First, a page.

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SBHC Grapevine—July 8-14, 2013

Flowchart: Alternate Process: Cont. from Page 1

Sharp, who occasionally used medication, also relied on supportive relationships with nonjudgmental friends who had similar experiences with mental illness. Eventually, with the aid of cognitive behavioral and emotional release therapy over several years, Sharp’s life changed dramatically.
She manages her recovery with a program called Wellness Recovery Action Plan (WRAP), which focuses on a daily maintenance plan of simple tasks that improve mood, how to identify emotional triggers and how to handle an emotional crisis.  

“Some of us are born with greater resilience than others, but it can also be learned, nurtured and developed,” she said. 
Flowchart: Alternate Process: “A person can rebuild [a] difficult moment as a strength and recognize they’re more than their losses or experiences.”

Although research has identified genes that indicate a predisposition to resiliency or vulnerability to trauma,  scientists have to increasingly account for the possibility that environmental influences at critical developmental periods, like infancy and early childhood, may also play a significant role.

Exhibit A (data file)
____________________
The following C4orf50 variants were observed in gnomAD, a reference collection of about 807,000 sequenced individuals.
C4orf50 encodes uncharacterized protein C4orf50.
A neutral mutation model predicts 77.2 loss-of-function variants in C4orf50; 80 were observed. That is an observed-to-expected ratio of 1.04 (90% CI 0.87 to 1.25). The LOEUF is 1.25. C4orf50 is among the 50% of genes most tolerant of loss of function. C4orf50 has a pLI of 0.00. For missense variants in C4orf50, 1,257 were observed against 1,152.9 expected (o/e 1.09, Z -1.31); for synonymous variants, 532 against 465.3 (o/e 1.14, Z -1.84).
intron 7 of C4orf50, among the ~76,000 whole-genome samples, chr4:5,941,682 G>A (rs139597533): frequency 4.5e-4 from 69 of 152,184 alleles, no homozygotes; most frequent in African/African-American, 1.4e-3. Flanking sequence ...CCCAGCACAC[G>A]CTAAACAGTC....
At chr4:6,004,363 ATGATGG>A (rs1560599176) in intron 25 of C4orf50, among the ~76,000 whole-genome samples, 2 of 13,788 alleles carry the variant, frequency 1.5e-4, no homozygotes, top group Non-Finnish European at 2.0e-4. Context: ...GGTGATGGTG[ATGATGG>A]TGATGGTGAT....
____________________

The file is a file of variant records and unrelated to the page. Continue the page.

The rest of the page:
Scientists aren’t sure yet whether the effect is universal, if it’s permanent, or if an antidepressant or a technique such as meditation could reverse it. 

Dr. Tallie Z. Baram, a neurobiologist at University of California, Irvine, has studied how resiliency or vulnerability is shaped in early life. She has found that consistent nurturing parental care in rodents silencFlowchart: Alternate Process: activates a key part of the body’s stress response system. 

Baram suspects that when the gene is turned on in humans, it leads to vulnerability that can be triggered by a traumatic event or chronic stress. This dynamic, she said, might explain why the onset of depression or suicidal thoughts often strikes in adolescence.

Scientists at the National Institute of Mental Health are developing brain-imaging technologies to visualize the chemical markers that attach to genes, but there is not yet a practical biomarker or tool that could be used in a clinical setting.

Doctors may eventually be able to identify the “biological signature” of a psychological disease or condition and offer tailored treatments. In the meantime, Tuma said, just knowing how the body responds to trauma and stress is a powerful weapon in the fight to thrive again.
 Source: NBC News
Tragedy & Resiliency

Resilience is rooted in a tenacity of spirit—a determination to embrace all that makes life worth living even in the face of overwhelming odds.